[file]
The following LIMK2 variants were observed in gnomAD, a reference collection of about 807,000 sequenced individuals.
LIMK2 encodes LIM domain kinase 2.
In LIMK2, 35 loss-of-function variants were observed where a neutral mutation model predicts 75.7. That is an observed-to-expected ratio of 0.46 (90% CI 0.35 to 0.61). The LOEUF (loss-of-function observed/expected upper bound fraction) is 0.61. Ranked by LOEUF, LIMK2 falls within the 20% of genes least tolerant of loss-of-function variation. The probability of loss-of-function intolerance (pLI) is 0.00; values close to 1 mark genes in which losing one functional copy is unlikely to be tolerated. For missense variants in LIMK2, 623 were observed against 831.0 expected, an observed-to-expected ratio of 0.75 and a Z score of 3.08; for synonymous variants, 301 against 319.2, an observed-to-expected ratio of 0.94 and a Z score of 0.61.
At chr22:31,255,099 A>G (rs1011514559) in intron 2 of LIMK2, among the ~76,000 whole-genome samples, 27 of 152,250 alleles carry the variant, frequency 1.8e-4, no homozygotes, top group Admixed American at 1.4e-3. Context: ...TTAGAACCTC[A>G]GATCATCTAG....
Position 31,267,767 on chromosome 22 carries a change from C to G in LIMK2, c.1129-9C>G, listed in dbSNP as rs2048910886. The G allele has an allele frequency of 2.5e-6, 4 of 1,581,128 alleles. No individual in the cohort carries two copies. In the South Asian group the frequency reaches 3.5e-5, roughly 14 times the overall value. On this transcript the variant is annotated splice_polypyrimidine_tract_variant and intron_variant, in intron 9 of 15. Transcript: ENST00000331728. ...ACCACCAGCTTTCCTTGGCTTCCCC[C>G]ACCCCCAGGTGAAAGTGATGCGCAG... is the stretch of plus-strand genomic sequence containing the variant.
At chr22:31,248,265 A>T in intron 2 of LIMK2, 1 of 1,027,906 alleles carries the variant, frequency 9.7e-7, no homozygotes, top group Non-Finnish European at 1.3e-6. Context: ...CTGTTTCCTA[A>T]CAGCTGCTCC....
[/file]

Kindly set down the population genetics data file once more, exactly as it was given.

The following LIMK2 variants were observed in gnomAD, a reference collection of about 807,000 sequenced individuals.
LIMK2 encodes LIM domain kinase 2.
In LIMK2, 35 loss-of-function variants were observed where a neutral mutation model predicts 75.7. That is an observed-to-expected ratio of 0.46 (90% CI 0.35 to 0.61). The LOEUF (loss-of-function observed/expected upper bound fraction) is 0.61. Ranked by LOEUF, LIMK2 falls within the 20% of genes least tolerant of loss-of-function variation. The probability of loss-of-function intolerance (pLI) is 0.00; values close to 1 mark genes in which losing one functional copy is unlikely to be tolerated. For missense variants in LIMK2, 623 were observed against 831.0 expected, an observed-to-expected ratio of 0.75 and a Z score of 3.08; for synonymous variants, 301 against 319.2, an observed-to-expected ratio of 0.94 and a Z score of 0.61.
At chr22:31,255,099 A>G (rs1011514559) in intron 2 of LIMK2, among the ~76,000 whole-genome samples, 27 of 152,250 alleles carry the variant, frequency 1.8e-4, no homozygotes, top group Admixed American at 1.4e-3. Context: ...TTAGAACCTC[A>G]GATCATCTAG....
Position 31,267,767 on chromosome 22 carries a change from C to G in LIMK2, c.1129-9C>G, listed in dbSNP as rs2048910886. The G allele has an allele frequency of 2.5e-6, 4 of 1,581,128 alleles. No individual in the cohort carries two copies. In the South Asian group the frequency reaches 3.5e-5, roughly 14 times the overall value. On this transcript the variant is annotated splice_polypyrimidine_tract_variant and intron_variant, in intron 9 of 15. Transcript: ENST00000331728. ...ACCACCAGCTTTCCTTGGCTTCCCC[C>G]ACCCCCAGGTGAAAGTGATGCGCAG... is the stretch of plus-strand genomic sequence containing the variant.
At chr22:31,248,265 A>T in intron 2 of LIMK2, 1 of 1,027,906 alleles carries the variant, frequency 9.7e-7, no homozygotes, top group Non-Finnish European at 1.3e-6. Context: ...CTGTTTCCTA[A>T]CAGCTGCTCC....